US Airways: From #EpicFail to a Solid Lesson in #H2H

Posted on April 19th 2014

US Airways: From #EpicFail to a Solid Lesson in #H2H
It’s never easy to fail publicly in social. Everyone can feel their pain, which could be why brands operate out of embarrassment when they do fail, lashing out with knee-jerk reactions and usually the termination of a scapegoat – an “intern” – thinking it will solve the problem. But ultimately, just making the “problem” go away does nothing to solve the actual problem. Earlier this week, when US Airways accidentally tweeted an incredibly graphic NSFW image by accident while trying to resolve a customer complaint, everyone’s initial reaction (after making every “landing strip” and “black box” joke in the book) was this:

“Somebody’s getting fired.”

The crowds amassed and took sides without context. Tweet after tweet bludgeoned the brand with jokes, parodies and anger. Another brand had failed, in one second tarnishing its reputation – and based on past social fails, someone was going to have to pay.

But then US Airways responded with something, unexpected.

“It was an honest mistake,” Matt Miller, a spokesperson for US Airways, told Mashable. “It was done as part of the process to capture the tweet to flag it as inappropriate,” Miller said. “Unfortunately, the link to the image was inadvertently included in a response to a customer.”

Wait… what? Mr. Miller actually acknowledged that it was an honest mistake, and dared to reveal that there are actually – GASP! – humans working for their airline?! What is happening?!

Humanity QuoteUS Airways, I commend you for not firing anyone. You could have been like everyone else and found a scapegoat, but didn’t. Human to Human #H2H means bringing back the simplicity, empathy and imperfection in our communication. You exemplified #H2H in how you handled this snafu, and it took courage. You embraced the failure, were open about it, and reassured us that you would use this misstep as a lesson in sharpening your brand pencil to create better social governance processes in the future so it didn’t happen again. #respect.

Thank you for remembering that humans are imperfect. We are going to fail. And if we don’t embrace those failures and learn from them, then what’s the point?! As I say in my book: “The rise of social media has given a digital platform to the dark side of anonymity, both as individuals and as crowds. I say it’s time to lay down the virtual pitchforks and torches and bring this behavior back into balance. The delightful side of humanity holds with it empathy, understanding, and forgiveness, and when remembered in our communication, it ties us together as a common group.”

US Airways is the first brand I have seen show real class in how they handled this pretty huge crisis. And I feel endeared to them now: they get me as a human because I make mistakes, too. Kudos to USAirways – you’re a great example of an #H2H brand.

Bryan Kramer

Bryan Kramer

CEO, PureMatter

Bryan is a Social Business Strategist and CEO of PureMatter where he’s led his agency to consistent growth over the last 10 years earning a spot as one of Silicon Valley’s fastest growing private companies by the Silicon Valley Business Journal.

Bryan was recently listed globally as the 43rd most talked about marketer by senior marketers in a report study via LeadTail. Bryan was also  listed as #26 by Kred as a Global Top CEO Influencer on Social Media (full list) and as one of The Top 50 Social CEOs on Twitter in the world by the Huffington Post. (full list).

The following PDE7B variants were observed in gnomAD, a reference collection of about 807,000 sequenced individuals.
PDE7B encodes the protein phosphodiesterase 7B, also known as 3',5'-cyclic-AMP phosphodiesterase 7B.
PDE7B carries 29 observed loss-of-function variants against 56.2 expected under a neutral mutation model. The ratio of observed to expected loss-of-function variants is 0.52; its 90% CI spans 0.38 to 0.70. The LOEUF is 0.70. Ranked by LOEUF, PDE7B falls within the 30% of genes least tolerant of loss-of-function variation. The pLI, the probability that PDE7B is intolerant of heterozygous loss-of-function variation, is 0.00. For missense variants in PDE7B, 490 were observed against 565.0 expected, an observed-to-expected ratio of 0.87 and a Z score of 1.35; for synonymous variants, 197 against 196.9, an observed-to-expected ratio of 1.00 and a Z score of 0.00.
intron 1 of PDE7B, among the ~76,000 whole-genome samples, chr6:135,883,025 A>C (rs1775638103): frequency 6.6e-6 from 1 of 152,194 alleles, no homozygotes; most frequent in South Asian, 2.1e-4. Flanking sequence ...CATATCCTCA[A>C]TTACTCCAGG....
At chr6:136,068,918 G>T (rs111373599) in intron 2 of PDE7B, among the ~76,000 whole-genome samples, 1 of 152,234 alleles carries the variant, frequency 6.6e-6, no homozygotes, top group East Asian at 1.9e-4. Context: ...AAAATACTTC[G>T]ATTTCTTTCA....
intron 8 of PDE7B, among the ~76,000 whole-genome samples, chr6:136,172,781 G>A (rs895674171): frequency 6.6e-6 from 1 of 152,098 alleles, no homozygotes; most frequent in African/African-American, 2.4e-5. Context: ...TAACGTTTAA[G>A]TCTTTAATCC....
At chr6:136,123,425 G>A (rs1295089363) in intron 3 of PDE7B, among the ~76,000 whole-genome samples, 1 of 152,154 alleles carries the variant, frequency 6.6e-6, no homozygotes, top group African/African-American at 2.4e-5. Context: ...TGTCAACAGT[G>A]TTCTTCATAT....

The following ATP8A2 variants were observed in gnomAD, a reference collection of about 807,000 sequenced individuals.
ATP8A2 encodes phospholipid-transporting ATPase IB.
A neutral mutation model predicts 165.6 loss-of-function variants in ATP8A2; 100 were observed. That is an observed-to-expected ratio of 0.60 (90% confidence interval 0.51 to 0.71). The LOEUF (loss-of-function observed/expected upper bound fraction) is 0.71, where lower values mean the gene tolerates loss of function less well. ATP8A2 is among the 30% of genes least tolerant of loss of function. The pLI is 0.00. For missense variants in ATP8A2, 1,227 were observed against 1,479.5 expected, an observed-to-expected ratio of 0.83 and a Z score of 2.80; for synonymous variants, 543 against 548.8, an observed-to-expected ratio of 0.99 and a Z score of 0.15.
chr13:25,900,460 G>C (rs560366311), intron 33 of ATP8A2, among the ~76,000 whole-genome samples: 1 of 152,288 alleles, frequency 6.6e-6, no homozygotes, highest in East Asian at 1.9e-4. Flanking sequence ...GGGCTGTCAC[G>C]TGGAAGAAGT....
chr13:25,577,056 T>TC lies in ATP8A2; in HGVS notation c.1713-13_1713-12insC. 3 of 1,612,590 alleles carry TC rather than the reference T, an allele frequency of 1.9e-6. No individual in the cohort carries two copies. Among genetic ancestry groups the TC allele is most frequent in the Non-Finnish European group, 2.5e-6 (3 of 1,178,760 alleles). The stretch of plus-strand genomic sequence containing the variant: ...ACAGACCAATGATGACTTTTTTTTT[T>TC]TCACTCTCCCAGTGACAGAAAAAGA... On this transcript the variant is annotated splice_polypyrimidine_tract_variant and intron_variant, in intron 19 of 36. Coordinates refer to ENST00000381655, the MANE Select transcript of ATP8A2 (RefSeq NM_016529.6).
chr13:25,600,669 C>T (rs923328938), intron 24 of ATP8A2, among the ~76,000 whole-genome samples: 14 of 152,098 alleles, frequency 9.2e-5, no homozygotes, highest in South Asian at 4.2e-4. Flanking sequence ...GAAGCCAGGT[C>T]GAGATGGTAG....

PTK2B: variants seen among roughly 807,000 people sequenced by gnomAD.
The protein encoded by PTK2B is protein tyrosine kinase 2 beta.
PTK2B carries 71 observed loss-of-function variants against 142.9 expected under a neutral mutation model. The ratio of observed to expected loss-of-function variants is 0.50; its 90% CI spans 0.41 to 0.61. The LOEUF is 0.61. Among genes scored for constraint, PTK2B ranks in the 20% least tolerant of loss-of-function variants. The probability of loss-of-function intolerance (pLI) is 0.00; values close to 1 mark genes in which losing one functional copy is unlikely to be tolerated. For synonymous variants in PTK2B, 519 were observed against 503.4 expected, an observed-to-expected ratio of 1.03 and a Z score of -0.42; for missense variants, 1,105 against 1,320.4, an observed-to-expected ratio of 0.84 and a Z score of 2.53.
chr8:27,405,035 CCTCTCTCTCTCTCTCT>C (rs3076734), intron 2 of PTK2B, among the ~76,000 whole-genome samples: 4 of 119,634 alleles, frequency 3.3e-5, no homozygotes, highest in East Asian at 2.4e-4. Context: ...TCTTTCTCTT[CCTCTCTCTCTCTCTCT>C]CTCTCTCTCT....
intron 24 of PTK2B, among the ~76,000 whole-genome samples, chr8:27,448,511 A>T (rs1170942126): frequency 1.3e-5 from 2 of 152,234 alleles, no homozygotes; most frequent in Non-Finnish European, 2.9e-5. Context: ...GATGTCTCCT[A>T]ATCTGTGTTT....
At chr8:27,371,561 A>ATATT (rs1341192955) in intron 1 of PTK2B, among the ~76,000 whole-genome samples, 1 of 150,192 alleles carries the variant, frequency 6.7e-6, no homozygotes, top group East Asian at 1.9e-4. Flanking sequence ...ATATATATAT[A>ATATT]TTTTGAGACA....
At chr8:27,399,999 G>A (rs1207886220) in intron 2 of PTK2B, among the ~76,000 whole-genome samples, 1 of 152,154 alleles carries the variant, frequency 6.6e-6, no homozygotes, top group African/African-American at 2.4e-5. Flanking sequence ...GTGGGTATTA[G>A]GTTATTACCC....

Being a veracious consumer of knowledge, understanding social media and how it works both as a communication channel and shaper of popular culture has his full attention. Bryan has quickly become one of the country’s leading authorities on social strategy, earning a combined reach in his media outlets of over 100k+. In true social style, he loves to talk about it anywhere he can. 

 

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Comments

CarrieMorgan
Posted on April 18th 2014 at 4:45PM

I also thought they handled it very, very well - turning what could have been an epic disaster into a now-hilarious story that will be told for years, but without badmouthing the brand. Kudos to them! 

At first, I thought it might have been the most brilliant PR stunt ever, but who could possibly think that one up? Especially in such a traditionally conservative industry. It's just too over the top. LOL  

PaulDunay
Posted on April 19th 2014 at 11:19AM

Kinda reminds me of a famous quote -- The greatest failure is not learning from one's mistakes!

PaulDunay
Posted on April 19th 2014 at 11:19AM

Kinda reminds me of a famous quote -- The greatest failure is not learning from one's mistakes!

T_Burrows
Posted on April 22nd 2014 at 12:14AM

US Airways certainly deserves a good pat on the back for how they handled the situation and coming out and saying what we all know. Humans run the brand. It interacts with humans and as they are, humans will always make mistakes. 

Paul makes a great point: The greatest failure is not learning from one's mistakes!

A smart man (brand) learns from it's own mistakes...A wise man (brand) learns from the mistakes of others. 

I believe that if this was the first mistake made by the person at the controls of US Airways Twitter Stick that day then so be it...learn and move on.  If it was not the first then you as a company have a potential liability on the flight deck and honestly have to think about jettison that person or moving them to a safer place than the public facing profile.

Yes, it was a mistake and it exemplifies an H2H company, but you can be human without being that human.